Why is my dog ​​panting in the car? – and how to stop it

Traveling with your dog in the car can be a great experience as your canine friend can experience new things and smells. However, dogs often pant during a walk. For some dogs, this panting is excessive and is accompanied by drooling and shaking. There are several reasons why dogs pant in a car. We cover them and also give tips on how to stop the panting so your dog will have a more enjoyable experience on your road trips.

Reasons why dogs pant, drool and shake in a car

Dog panting in the car | Troy Spoelma via Unsplash

Every dog ​​pant from time to time. Panting, or when dogs breathe with their mouth open, is usually a natural cooling mechanism. Breathing is faster and sometimes the tongue sticks out of the mouth. However, panting could also have a different meaning. This could be your dog’s way of telling you that he’s anxious, scared, or overstimulated by a car ride.

Here are the reasons why dogs pant, drool and shake in a car:

  • High temperature
  • Travel sickness
  • Anxiety
  • Overstimulation
  • Dehydration
  • medical problem

High temperature

Groodle dog panting in the car, highlighting why dogs are panting, drooling and shaking in the car and how to stop it
Dog panting in the car | Jay Wennington on Unsplash

Your dog might be excessively panting in a car due to the high temperature. Vehicle interiors can heat up considerably compared to the outside air, especially on hot, sunny days. When panting, a dog uses “the evaporation of moisture from its mouth to create circulation of warm and cold air,” as detailed by Paw Leaks.

Your car may be too hot for your dog. Open a window or turn on the air conditioning to cool the car and never leave your dog unattended in the vehicle on a hot day.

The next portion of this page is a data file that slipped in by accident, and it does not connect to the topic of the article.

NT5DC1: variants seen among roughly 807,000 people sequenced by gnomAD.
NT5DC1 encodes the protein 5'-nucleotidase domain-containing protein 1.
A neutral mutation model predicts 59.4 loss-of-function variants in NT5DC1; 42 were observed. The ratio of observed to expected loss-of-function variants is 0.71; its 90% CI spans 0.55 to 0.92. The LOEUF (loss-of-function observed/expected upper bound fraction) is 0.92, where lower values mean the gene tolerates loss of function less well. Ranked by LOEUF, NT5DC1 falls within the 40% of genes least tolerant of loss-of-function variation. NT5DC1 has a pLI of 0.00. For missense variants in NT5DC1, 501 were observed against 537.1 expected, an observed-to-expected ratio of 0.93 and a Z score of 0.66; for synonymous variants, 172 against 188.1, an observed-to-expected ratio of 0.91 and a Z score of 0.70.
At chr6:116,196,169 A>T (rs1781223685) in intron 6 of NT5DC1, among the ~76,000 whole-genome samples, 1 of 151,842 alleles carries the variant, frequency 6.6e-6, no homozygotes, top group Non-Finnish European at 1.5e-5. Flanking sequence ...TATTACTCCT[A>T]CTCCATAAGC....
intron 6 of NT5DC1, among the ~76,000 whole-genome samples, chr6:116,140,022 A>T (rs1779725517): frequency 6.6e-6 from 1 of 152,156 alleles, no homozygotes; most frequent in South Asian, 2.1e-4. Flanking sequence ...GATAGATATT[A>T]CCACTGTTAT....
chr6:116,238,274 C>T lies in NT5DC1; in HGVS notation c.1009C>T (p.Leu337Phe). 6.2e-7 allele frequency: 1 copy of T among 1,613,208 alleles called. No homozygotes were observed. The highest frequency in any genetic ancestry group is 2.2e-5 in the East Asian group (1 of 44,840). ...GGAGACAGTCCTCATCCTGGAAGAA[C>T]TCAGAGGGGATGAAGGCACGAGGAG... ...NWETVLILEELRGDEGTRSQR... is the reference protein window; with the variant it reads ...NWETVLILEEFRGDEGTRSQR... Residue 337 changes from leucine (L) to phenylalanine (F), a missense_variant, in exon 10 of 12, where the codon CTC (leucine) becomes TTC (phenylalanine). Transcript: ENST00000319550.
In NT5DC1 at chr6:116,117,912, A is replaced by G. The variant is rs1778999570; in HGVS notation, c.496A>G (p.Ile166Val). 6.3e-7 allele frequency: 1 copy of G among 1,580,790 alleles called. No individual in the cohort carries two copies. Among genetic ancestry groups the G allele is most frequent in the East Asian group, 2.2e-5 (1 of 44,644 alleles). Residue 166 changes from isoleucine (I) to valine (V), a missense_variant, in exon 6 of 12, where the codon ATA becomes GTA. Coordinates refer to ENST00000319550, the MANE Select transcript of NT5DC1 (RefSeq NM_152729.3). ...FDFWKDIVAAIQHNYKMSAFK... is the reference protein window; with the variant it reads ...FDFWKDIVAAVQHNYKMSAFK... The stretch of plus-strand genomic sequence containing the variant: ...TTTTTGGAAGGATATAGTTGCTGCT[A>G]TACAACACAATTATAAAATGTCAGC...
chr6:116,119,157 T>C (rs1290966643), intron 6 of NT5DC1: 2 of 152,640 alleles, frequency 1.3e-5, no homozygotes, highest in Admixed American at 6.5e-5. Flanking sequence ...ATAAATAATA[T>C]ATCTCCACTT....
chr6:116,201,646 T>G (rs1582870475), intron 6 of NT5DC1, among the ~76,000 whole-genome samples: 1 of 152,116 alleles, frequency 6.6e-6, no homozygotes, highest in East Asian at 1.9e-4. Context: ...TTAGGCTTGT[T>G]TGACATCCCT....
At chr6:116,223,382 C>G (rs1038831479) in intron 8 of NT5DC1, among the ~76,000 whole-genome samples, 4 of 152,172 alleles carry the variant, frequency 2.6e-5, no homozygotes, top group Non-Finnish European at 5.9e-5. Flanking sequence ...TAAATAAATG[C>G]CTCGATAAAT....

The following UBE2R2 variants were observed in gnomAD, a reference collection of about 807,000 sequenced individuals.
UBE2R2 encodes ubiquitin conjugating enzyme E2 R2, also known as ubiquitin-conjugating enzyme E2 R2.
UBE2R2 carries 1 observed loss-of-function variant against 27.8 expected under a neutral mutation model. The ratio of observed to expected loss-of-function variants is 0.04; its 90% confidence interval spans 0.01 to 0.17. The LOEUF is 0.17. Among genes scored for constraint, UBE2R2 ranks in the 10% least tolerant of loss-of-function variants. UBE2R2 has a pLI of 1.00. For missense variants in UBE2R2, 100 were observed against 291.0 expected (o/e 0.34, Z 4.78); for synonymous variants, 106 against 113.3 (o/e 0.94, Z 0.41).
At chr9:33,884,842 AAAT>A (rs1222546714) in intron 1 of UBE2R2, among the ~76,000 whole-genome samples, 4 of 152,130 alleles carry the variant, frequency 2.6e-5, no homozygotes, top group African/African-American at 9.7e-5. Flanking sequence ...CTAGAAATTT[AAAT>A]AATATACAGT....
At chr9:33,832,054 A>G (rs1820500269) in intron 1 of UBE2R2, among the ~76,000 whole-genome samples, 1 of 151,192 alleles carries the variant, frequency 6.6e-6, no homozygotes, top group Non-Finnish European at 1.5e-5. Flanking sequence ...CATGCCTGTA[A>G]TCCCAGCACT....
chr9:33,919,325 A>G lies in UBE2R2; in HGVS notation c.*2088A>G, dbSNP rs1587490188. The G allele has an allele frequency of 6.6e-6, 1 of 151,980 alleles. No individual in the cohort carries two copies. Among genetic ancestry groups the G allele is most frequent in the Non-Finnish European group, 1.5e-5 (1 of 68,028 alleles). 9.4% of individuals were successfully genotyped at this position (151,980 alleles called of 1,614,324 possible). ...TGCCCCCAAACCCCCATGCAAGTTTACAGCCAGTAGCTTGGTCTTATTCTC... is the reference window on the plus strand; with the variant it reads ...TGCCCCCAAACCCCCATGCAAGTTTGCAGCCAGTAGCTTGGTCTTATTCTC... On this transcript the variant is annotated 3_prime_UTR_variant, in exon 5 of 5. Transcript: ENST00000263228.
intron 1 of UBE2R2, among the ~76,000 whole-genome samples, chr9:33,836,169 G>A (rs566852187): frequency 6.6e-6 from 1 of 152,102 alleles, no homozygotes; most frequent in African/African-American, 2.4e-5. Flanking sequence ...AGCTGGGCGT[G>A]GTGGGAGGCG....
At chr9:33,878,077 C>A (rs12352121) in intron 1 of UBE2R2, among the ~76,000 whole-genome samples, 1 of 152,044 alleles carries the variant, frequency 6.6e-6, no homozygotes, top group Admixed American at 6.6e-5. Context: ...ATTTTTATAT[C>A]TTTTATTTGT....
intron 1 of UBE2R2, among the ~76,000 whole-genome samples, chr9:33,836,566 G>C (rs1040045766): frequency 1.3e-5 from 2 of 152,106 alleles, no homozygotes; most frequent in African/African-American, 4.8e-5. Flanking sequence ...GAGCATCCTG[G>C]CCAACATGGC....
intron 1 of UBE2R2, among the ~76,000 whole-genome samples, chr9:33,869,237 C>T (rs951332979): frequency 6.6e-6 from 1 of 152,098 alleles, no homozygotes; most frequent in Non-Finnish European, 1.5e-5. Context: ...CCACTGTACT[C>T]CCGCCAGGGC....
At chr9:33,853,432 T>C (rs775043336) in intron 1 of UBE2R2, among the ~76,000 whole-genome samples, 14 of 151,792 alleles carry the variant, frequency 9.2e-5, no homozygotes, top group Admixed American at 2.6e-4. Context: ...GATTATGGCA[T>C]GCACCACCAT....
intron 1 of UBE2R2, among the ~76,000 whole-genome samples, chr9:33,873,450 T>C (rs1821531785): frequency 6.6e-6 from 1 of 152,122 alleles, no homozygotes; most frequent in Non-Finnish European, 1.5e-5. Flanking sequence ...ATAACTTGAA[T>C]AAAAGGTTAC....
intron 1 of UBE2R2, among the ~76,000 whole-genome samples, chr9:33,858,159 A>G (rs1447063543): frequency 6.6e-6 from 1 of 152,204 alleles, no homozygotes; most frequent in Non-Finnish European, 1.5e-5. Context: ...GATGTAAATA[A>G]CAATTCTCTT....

Dogs pant due to motion sickness

Like humans, dogs can get motion sickness in cars. Your dog’s excessive panting could be due to motion sickness. This is more often the case for puppies, which usually grow out of it.

Motion sickness is usually the result of motion sickness, which is caused by the brain receiving conflicting signals from different sensory systems in the body, including the eyes, inner ears, muscles, and joints.

To prevent your dog from getting car sickness, avoid feeding him for at least an hour before the car trip. Also, like humans, dogs will be more likely to get motion sickness if they can’t see out the window. One way to fix this is to get a raised car seat.

It’s also helpful to slit a window to let in some fresh air. In addition, there are medications that can relieve motion sickness. For more information, talk to your veterinarian.

Travel anxiety during journeys

Black dog panting in the car, highlighting why dogs pant, drool and shake in the car and how to stop it
Dog panting in the car | Erik Mclean on Unsplash

Panting can also result from travel anxiety for your dog, which is usually caused by the association of motion sickness during journeys. Panting, drooling, shaking, fussing and pacing are all signs that your dog is experiencing anxiety. Later we give some tips to reduce anxiety during car journeys.